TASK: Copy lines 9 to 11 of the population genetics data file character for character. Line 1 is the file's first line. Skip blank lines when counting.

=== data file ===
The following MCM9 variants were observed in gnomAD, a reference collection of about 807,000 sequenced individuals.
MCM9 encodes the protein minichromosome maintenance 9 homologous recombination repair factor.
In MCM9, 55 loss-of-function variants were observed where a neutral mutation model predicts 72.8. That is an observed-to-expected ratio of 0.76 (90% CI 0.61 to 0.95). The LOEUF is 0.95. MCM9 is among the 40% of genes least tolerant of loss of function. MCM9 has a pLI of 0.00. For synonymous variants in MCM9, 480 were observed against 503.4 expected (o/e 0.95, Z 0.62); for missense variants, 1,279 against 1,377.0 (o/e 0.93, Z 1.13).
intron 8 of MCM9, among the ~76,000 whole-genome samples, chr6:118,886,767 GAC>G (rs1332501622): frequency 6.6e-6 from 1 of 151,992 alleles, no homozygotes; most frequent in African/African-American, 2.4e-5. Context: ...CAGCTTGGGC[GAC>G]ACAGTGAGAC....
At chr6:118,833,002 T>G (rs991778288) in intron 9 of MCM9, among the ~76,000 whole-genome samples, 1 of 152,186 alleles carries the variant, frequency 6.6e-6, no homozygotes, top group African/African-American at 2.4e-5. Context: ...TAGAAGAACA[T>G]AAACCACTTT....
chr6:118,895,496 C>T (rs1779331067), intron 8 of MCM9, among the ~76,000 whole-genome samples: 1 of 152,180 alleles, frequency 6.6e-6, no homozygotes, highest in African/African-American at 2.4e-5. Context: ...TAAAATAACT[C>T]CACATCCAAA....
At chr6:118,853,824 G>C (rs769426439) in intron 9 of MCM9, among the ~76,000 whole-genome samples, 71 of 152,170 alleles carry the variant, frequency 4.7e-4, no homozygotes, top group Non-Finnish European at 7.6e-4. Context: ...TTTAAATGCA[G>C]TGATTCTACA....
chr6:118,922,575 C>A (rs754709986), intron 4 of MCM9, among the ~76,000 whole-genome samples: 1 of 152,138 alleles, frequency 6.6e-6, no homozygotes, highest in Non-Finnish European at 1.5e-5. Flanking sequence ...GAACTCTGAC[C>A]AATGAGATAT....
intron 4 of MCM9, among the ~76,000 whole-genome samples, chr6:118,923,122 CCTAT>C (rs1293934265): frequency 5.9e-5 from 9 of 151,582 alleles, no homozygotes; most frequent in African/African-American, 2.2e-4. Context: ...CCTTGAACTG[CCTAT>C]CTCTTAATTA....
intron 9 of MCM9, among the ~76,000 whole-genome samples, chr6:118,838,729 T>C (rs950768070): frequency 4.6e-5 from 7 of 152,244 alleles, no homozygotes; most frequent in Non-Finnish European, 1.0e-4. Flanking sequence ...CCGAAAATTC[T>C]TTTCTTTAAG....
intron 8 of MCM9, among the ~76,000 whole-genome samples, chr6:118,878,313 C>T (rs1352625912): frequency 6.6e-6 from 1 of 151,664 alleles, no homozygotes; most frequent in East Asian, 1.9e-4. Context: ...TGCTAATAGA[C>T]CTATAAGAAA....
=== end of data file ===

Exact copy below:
intron 4 of MCM9, among the ~76,000 whole-genome samples, chr6:118,923,122 CCTAT>C (rs1293934265): frequency 5.9e-5 from 9 of 151,582 alleles, no homozygotes; most frequent in African/African-American, 2.2e-4. Context: ...CCTTGAACTG[CCTAT>C]CTCTTAATTA....
intron 9 of MCM9, among the ~76,000 whole-genome samples, chr6:118,838,729 T>C (rs950768070): frequency 4.6e-5 from 7 of 152,244 alleles, no homozygotes; most frequent in Non-Finnish European, 1.0e-4. Flanking sequence ...CCGAAAATTC[T>C]TTTCTTTAAG....
intron 8 of MCM9, among the ~76,000 whole-genome samples, chr6:118,878,313 C>T (rs1352625912): frequency 6.6e-6 from 1 of 151,664 alleles, no homozygotes; most frequent in East Asian, 1.9e-4. Context: ...TGCTAATAGA[C>T]CTATAAGAAA....